It’s been five years since the UK government sold the family silver – some 72 Harrier jump jets – to America for £116m, with many left to fester in the infamous aircraft ‘Boneyard’ in the Arizona desert. But one example which escaped the sale has now been offered a new lease of life.
Yorkshire-based specialist Jet Art Aviation has spent a year and a half fully restoring a Harrier GR3 prior to offering it for sale. The 1976 aircraft previously served with 4 Squadron in Germany, 1 Squadron, 233 OCU, and 1453 Flight in the Falklands in 1982 prior to spending a decade exposed to the elements as a gate guardian for a London Air Cadet Squadron, near the Kingston Hawker factory where it was built.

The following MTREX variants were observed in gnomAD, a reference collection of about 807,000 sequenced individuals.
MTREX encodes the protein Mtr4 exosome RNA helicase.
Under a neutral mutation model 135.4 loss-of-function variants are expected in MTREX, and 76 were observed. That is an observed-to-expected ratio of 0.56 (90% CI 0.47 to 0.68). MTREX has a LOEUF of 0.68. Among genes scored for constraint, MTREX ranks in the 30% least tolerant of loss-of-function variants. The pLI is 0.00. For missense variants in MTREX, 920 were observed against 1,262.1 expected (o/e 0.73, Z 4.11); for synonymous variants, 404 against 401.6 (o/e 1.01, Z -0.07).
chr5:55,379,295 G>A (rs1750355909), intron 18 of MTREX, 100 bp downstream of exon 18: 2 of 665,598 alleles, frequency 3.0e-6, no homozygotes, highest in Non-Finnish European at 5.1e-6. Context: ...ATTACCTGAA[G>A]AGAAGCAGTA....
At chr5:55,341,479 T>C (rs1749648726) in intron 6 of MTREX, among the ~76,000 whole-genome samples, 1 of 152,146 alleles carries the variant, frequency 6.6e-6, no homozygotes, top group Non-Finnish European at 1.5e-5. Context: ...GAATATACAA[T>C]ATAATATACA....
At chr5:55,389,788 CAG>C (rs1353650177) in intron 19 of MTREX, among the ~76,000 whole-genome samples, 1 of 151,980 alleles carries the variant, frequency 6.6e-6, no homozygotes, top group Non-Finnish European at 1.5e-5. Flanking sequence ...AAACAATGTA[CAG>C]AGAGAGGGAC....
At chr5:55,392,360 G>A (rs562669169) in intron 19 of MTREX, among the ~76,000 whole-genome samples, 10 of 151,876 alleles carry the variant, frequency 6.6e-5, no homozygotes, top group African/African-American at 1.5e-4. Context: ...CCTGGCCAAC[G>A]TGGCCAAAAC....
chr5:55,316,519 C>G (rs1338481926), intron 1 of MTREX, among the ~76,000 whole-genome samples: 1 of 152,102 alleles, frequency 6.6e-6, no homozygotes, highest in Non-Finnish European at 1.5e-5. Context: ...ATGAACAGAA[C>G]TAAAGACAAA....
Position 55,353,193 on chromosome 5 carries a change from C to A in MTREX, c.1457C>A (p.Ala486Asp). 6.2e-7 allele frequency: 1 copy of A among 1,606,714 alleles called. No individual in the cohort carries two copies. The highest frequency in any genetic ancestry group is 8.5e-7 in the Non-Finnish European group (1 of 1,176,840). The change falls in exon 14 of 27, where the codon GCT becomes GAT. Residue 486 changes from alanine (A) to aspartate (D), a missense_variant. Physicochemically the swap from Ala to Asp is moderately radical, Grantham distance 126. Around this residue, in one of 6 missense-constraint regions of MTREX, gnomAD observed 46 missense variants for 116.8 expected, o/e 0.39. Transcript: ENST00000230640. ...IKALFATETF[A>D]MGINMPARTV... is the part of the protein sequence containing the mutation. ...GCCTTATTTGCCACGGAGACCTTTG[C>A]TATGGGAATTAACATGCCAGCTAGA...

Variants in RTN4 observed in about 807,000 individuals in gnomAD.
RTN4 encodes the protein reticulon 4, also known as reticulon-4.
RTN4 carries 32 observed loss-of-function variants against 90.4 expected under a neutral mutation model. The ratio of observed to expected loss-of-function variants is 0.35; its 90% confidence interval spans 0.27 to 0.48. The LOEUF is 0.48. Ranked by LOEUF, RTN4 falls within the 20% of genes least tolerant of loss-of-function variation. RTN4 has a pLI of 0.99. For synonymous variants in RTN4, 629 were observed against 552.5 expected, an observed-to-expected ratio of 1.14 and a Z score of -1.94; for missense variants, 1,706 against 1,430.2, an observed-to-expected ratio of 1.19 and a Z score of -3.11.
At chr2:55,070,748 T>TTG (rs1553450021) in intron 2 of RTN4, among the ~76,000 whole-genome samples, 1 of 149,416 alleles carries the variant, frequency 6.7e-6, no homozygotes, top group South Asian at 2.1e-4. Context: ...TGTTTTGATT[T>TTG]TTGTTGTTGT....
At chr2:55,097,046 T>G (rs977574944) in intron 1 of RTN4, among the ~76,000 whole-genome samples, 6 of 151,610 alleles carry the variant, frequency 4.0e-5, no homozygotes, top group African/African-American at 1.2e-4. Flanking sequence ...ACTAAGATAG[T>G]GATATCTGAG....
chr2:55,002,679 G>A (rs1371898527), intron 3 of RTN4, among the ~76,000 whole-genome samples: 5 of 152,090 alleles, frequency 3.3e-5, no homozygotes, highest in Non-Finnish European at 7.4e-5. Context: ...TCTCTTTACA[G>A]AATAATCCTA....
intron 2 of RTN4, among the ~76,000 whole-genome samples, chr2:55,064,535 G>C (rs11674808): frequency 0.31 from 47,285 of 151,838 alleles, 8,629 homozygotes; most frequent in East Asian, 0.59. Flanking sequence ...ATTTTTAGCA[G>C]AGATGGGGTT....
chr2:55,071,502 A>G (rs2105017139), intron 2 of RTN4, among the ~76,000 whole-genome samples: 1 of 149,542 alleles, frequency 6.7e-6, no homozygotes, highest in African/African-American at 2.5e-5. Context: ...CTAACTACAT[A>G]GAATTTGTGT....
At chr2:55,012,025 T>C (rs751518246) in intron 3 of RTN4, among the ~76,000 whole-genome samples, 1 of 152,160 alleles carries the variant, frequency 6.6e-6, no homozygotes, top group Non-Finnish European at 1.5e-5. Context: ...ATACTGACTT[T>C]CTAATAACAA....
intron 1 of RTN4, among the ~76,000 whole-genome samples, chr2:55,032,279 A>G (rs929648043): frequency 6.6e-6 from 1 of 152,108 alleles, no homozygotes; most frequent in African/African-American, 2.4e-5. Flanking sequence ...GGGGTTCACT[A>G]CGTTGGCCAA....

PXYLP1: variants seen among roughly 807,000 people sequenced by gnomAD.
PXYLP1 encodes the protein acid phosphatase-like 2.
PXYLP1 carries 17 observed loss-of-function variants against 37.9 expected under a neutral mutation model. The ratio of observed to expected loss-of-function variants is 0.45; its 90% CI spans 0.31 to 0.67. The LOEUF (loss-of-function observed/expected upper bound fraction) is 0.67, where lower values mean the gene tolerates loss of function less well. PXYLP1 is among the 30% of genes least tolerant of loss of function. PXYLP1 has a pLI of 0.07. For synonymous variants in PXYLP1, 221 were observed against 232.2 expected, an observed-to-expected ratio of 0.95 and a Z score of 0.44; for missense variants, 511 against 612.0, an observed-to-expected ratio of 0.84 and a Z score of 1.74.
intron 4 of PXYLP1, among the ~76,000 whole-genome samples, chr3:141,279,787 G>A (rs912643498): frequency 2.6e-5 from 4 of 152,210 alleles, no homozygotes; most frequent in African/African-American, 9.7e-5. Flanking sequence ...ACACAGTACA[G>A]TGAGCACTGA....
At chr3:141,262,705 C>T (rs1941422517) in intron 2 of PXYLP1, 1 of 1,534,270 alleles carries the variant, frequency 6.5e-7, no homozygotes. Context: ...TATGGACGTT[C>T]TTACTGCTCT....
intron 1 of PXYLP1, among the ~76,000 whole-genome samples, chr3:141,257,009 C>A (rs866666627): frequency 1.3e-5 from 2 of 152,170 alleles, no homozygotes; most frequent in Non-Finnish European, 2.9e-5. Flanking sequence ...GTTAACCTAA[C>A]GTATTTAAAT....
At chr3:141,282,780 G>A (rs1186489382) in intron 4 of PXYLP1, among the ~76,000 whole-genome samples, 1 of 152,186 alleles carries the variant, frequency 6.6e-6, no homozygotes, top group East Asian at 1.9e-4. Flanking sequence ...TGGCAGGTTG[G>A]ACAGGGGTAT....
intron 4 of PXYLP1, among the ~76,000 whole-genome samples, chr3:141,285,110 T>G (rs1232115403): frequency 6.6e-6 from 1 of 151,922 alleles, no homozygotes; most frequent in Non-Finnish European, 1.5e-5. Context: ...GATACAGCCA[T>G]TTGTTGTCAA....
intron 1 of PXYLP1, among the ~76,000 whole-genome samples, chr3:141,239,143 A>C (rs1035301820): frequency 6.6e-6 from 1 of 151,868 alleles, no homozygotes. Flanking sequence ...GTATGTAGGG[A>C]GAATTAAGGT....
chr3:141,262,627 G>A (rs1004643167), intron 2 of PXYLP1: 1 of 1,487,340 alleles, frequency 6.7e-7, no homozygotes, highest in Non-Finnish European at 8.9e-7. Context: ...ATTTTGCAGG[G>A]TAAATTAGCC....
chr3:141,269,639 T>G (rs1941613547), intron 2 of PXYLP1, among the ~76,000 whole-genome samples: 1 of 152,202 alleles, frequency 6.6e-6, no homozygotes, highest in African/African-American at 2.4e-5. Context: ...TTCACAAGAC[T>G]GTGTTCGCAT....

Once rescued from static display, the aircraft became the subject of a 2000 man-hour restoration. An exhaustive search for original parts and components culminated in a successful ground run earlier this year. The Rolls-Royce Pegasus engine was fired up for the first time in a decade in March, being run up to 35% power for a 4min 30sec test.
After the mechanical restoration, attention was turned to the cosmetic condition of the Harrier. A full repaint was carried outalong with a return to the GR3’s 4 Squadron markings, complete with the name of its last serving pilot, Captain LY Ching.
Jet Art Aviation hopes to sell the Harrier for more than £100,000.